When it comes to growing plants indoors, the significance of PPFD, PAR, foot-candle (fc), and lux might seem confusing at first. Those measurements exist for two separate reasons: Where lux and foot-candle is used to measure and compare light intensity, as it is perceived by humans. PAR is light usable by plants for photosynthesis and is measured in PPFD.
Indoor cultivators scramble to find the optimum light setting to ensure that their crops produce to the best of their ability; therefore it’s essential to understand the differences between these light measurements.
Read along to understand the difference between PPFD, PAR, foot-candle and lux so your indoor crop can thrive.
Foot-candle / Lux
Foot-candle (fc) or lux (lx) is a measurement of light intensity as perceived by humans. Both units measure illuminance, light falling on a surface. The total light output, or luminous flux, of a light source is measured in lumen (lm). While the lumens of a lamp stay the same, the illuminance increases the closer a surface is in respect to the light source.
Foot-candle measures illuminance as lumen falling on one square foot (lm/ft²). However, this measurement is most commonly used in countries using the imperial system, such as the United States. The largest part of the world uses the metric system. The corresponding measure in the metric system is called lux. Lux measures lumen per square meter (lm/m²). 1 Lux is equal to 0.0929 fc or 1 fc is equal to 10.76 lux respectively.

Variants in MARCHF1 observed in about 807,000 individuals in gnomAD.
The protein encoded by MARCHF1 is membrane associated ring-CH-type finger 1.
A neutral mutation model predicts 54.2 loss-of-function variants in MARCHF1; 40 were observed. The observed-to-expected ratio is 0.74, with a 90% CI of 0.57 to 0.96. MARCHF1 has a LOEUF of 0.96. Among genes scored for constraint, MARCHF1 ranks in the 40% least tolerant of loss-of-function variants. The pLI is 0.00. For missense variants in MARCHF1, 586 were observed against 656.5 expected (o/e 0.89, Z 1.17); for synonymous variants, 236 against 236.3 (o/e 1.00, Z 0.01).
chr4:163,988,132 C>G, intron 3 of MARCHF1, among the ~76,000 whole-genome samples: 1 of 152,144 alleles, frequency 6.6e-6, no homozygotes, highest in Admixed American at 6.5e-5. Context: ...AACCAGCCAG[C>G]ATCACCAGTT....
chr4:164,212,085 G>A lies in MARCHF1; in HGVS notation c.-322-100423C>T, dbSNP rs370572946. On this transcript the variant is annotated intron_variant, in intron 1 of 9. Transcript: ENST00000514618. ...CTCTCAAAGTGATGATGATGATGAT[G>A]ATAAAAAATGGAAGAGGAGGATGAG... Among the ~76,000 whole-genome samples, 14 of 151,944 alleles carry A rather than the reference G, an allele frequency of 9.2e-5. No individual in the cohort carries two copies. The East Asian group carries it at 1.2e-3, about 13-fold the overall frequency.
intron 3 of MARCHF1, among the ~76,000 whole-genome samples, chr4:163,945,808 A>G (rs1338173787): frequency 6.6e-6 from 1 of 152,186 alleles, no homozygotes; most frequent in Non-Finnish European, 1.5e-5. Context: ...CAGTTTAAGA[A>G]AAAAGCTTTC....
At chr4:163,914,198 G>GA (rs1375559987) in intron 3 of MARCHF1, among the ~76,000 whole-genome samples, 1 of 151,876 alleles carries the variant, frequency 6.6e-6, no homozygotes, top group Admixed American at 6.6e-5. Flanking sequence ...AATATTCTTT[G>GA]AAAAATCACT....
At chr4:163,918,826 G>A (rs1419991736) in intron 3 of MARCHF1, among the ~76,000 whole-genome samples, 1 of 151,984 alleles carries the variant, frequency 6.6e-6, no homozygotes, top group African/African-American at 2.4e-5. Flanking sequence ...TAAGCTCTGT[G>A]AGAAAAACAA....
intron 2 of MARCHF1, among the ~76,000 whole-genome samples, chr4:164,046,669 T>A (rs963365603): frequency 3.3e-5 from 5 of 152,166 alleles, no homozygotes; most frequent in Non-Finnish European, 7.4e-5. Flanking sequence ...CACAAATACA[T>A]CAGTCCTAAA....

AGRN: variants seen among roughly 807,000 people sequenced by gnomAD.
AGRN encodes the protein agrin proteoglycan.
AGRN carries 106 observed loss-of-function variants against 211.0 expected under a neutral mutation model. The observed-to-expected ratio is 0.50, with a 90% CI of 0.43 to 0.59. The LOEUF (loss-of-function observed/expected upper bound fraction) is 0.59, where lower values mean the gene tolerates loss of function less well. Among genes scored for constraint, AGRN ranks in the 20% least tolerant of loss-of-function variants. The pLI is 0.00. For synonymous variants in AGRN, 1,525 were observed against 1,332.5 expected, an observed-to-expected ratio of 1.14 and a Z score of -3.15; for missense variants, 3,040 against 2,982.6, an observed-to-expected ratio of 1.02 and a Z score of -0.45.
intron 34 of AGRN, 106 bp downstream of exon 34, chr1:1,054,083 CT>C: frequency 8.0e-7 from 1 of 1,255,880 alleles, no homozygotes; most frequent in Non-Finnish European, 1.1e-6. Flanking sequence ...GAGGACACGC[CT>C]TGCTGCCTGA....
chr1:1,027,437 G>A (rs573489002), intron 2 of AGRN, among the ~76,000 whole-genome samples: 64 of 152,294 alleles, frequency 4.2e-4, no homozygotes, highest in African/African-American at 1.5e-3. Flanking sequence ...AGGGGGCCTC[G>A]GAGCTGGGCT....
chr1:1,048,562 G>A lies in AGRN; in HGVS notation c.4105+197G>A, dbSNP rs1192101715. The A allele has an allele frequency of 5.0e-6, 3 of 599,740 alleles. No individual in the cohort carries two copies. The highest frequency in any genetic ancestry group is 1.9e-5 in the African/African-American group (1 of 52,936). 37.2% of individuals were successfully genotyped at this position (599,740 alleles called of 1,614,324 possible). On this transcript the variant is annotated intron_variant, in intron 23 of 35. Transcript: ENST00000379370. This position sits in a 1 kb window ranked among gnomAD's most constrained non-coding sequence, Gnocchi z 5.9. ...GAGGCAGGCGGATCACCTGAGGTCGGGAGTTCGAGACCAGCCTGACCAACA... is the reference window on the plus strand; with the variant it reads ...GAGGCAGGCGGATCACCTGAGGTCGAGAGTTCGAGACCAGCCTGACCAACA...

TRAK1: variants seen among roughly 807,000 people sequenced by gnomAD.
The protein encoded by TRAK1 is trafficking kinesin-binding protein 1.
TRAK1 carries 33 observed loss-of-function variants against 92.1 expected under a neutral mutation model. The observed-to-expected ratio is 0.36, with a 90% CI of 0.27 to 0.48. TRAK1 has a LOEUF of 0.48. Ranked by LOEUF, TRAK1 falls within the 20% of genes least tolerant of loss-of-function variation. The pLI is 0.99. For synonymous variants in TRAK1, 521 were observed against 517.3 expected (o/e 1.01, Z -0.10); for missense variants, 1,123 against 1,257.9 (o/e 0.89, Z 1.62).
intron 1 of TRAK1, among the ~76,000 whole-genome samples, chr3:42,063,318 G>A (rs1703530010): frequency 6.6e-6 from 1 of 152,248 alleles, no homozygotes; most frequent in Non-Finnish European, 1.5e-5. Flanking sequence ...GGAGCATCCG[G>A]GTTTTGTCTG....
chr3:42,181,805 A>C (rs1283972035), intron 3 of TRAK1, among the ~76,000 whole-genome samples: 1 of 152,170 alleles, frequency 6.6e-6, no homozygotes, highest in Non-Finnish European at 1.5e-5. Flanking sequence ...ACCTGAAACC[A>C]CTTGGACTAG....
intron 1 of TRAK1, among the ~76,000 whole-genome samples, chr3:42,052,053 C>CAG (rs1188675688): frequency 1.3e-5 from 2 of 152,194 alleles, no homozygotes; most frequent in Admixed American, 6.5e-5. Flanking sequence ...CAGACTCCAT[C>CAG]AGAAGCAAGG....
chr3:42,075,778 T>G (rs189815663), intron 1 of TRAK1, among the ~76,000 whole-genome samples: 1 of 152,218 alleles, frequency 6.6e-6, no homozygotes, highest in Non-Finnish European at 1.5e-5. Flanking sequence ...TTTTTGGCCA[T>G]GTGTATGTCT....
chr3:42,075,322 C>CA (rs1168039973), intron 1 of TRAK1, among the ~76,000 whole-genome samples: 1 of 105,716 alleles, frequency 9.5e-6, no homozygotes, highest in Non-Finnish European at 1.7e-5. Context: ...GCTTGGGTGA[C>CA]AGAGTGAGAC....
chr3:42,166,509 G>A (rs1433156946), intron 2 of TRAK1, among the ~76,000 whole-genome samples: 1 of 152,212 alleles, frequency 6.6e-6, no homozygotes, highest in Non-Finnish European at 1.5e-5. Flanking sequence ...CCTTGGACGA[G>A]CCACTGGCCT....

The measured light spectrum is specifically tuned to accurately represent the perceived light by the human eye. It is therefore well suited for photography, architecture, and many more topics where humans or animals are involved.
Photosynthesis is the process in which plants transform light, water and carbon dioxide into oxygen and energy in the form of sugar. This is the key to how plants actually grow. Photosynthesis takes place in special cells which get excited by a certain wavelength or color of light. For the vast majority of green plants, photosynthesis is mostly taking place in the red and blue part of the spectrum. This is the reason why some LED grow lights provide mostly red and blue light instead of “full spectrum” white light, to reduce the electricity consumption for seemingly unnecessary light. Humans on the other hand perceive bluish or reddish light as less intense. This is why a lux-meter is the wrong tool of choice here, since it will measure light as perceived by the human eye.
Full- or broad spectrum grow lights are widespread nowadays, since they imitate the light of the sun i.e. the kind of light that plants would naturally grow under. It is also a much more pleasant light to work under and you’re able to check on your plant’s health much better. Full spectrum grow lights might still add some extra pure-red lights to boost growth. Therefore, a lux-meter will fail to measure this light’s spectrum as well.
PPFD and PAR
Light as it is perceived by plants is referred to as photosynthetically active radiation (PAR). The amount of light reaching a surface, e.g. the plant's leaves, is measured in PPFD, which stands for photosynthetic photon flux density. PPFD measures all photons (light particles) within the PAR spectrum in micromoles per square meter per second (μmol/m²/s). This means that PPFD specifically measures the light available to plants for photosynthesis and thus, impacts their growth.